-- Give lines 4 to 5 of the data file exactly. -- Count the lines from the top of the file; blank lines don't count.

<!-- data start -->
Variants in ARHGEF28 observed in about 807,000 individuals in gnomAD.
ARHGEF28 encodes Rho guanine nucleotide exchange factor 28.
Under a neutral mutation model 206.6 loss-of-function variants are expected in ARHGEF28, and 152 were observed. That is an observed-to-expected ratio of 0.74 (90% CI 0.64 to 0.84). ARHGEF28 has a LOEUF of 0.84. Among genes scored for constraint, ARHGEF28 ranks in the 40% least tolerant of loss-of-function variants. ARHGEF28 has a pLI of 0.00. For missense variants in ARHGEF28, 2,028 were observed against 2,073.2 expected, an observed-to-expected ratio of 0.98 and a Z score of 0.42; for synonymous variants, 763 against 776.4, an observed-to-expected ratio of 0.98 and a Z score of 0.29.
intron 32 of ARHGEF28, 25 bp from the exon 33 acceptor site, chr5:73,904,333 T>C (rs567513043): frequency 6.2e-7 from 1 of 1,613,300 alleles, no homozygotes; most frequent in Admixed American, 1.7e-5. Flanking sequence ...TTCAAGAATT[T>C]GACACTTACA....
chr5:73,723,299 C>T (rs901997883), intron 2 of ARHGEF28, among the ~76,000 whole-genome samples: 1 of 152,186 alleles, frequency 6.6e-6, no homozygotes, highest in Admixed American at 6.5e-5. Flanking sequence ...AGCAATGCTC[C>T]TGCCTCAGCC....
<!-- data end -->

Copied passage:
intron 32 of ARHGEF28, 25 bp from the exon 33 acceptor site, chr5:73,904,333 T>C (rs567513043): frequency 6.2e-7 from 1 of 1,613,300 alleles, no homozygotes; most frequent in Admixed American, 1.7e-5. Flanking sequence ...TTCAAGAATT[T>C]GACACTTACA....
chr5:73,723,299 C>T (rs901997883), intron 2 of ARHGEF28, among the ~76,000 whole-genome samples: 1 of 152,186 alleles, frequency 6.6e-6, no homozygotes, highest in Admixed American at 6.5e-5. Flanking sequence ...AGCAATGCTC[C>T]TGCCTCAGCC....